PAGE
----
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White Island volcano covered in eerie fog in New Zealand’s Bay of Plenty

Eerie photo shows deadly White Island volcano emitting vapor almost two years after the tragedy that claimed 22 lives – leaving nearby towns under dense cloud

  • The phenomenon known as VOG has obscured the eastern region of the Bay of Plenty
  • Volcanic gases, various weather conditions, and sea fog caused the volcanic fog
  • Towns have been completely filled with fog along with foul smells of sulfur
  • The rare occurrence follows alerts of volcanic unrest on deadly White Island 

An eerie photo has the captured deadly White Island covered in fog, as volcanic unrest occurs on the island almost two years after a tragic eruption claimed 22 lives.

The White Island volcano eruption in December 2019 killed 14 Australian tourists, as well as five Americans and two Kiwis when a tour group from a cruise ship was trapped by the spurting lava.

Now a unique weather event known as VOG – volcanic fog – has left towns in the eastern region of the Bay of Plenty such as Whakatāne completely filled with fog along with foul smells of sulfur.

‘VOG is created when the sulfur-based volcanic gases mix with atmospheric moisture to form an aerosol,’ experts at GeoNet explained.

An eerie photo has shown deadly White Island in New Zealand (pictured) covered in fog as volcanic unrest occurs on the island

An eerie photo has shown deadly White Island in New Zealand (pictured) covered in fog as volcanic unrest occurs on the island

The rare occurrence follows alerts of volcanic disruption and increased gas emissions on White Island.

GNS scientists conducted a visual observation flight and a gas emission measurement flight above the volcano last week.

The scientists recorded an increase in gas emissions as well as sulfur dioxide,  carbon dioxide and hydrogen sulfide emissions since the last measurements on October 14.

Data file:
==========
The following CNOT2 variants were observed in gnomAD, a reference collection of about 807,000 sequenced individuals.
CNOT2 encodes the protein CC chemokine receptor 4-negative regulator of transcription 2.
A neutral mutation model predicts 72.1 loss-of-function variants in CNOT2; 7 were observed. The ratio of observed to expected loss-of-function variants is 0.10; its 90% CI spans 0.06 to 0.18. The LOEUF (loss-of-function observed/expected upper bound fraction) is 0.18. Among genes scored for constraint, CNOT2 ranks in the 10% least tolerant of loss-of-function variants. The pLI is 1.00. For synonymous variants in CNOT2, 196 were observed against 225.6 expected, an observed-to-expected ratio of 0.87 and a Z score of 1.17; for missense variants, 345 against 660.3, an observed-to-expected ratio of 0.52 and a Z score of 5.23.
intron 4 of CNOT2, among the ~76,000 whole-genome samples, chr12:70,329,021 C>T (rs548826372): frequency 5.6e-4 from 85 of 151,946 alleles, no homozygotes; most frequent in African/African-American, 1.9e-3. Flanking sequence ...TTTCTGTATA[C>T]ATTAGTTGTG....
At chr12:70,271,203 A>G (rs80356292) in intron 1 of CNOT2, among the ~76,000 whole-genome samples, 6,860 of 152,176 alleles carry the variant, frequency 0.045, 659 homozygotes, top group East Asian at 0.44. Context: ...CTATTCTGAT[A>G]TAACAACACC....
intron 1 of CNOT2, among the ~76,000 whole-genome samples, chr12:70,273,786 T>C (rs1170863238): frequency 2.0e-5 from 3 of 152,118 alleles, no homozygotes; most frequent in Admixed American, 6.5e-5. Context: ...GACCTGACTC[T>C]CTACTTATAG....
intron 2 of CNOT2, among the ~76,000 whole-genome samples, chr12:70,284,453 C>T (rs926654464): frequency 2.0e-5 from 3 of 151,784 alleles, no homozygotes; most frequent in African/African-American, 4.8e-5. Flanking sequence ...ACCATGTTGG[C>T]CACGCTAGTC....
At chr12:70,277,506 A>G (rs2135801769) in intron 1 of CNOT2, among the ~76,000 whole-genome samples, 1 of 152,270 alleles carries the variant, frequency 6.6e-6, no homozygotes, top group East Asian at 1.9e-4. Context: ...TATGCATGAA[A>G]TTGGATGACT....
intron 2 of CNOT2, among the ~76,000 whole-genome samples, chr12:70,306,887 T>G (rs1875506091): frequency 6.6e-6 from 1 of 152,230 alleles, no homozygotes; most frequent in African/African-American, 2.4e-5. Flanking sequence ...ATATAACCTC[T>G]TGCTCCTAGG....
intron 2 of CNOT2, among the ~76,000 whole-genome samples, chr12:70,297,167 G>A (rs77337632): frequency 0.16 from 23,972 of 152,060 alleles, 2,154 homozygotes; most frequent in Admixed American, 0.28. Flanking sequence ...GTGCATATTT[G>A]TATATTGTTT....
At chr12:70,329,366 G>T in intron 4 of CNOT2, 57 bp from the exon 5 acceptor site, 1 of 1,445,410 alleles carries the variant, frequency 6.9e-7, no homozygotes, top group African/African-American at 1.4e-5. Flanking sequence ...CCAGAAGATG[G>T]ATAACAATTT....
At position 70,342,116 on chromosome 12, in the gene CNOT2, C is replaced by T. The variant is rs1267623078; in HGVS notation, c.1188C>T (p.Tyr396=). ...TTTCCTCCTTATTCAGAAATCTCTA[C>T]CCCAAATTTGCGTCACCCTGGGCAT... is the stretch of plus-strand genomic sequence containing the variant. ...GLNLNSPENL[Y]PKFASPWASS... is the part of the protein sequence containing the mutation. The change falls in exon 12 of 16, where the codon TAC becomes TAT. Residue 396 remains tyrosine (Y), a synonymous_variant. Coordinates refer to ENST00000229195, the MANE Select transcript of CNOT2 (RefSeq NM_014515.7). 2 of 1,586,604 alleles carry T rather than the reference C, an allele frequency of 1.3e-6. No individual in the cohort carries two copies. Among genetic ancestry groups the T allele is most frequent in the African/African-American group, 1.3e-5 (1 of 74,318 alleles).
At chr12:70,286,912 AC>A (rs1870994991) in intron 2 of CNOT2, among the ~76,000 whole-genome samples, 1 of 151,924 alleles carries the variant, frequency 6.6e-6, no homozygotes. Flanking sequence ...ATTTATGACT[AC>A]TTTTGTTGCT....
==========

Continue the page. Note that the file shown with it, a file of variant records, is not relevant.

A unique phenomenon known as VOG, which is volcanic fog, has moved onshore due to volcanic gases along with various weather conditions and developing sea fog in the region

A unique phenomenon known as VOG, which is volcanic fog, has moved onshore due to volcanic gases along with various weather conditions and developing sea fog in the region

‘The volcano occasionally emits traces of volcanic ash and remains in a state of moderate to heightened unrest,’ GeoNet said.

GeoNet’s announcement mentioned that the volcanic fog was blowing onshore due to light northerly winds.

‘There has not been an eruption to produce this,’ it further added.

The rare phenomenon can be bothersome, causing watery eyes and a stinging feeling.

Individuals with respiratory health issues are advised to take caution.

The rare phenomenon can be bothersome, causing watery eyes and a stinging feeling (Pictured: White Island in the distance from Matata, New Zealand)

The rare phenomenon can be bothersome, causing watery eyes and a stinging feeling (Pictured: White Island in the distance from Matata, New Zealand) 

‘A VOG can also reduce visibility, creating a hazard for road, air and ocean traffic, so please take care,’ Geonet said.

GNS Science volcanologist Brad Scott told Stuff NZ that the volcanic fog was not a common occurrence in the country, and it may appear about every ten years.

‘It’s difficult to quantify as no detailed records are kept,’ he told the publication.

While Mr Scott said that satellite images indicated the volcanic fog had disappeared from the Bay of Plenty, a camera of Whakatāne still shows the town still obscured by the light fog.

GNS scientists recorded an increase in gas emissions as well as sulphur dioxide, carbon dioxide and hydrogen sulphide emissions while conducting tests above the volcano (stock image)

GNS scientists recorded an increase in gas emissions as well as sulfur dioxide, carbon dioxide and hydrogen sulfide emissions while conducting tests above the volcano (stock image)

The volcanologist also noted the VOG might emerge again in the region.

‘The two key parameters are gas flux from the volcano and atmospheric conditions. While elevated unrest continues we can tick off the gas box,’ Mr Scott said.

‘The weather conditions are much less common but can occur maybe yearly or every few years.’

Massey University School of Health Sciences Associate Professor Carol Stewart urged people to reduce their time outside if VOG is covering the region.

She further added that doors and windows should remain shut while indoors, and heat pumps and air conditioning systems should be turned off as they collect outside air.

The Volcanic Alert Level for White Island is still at level two.

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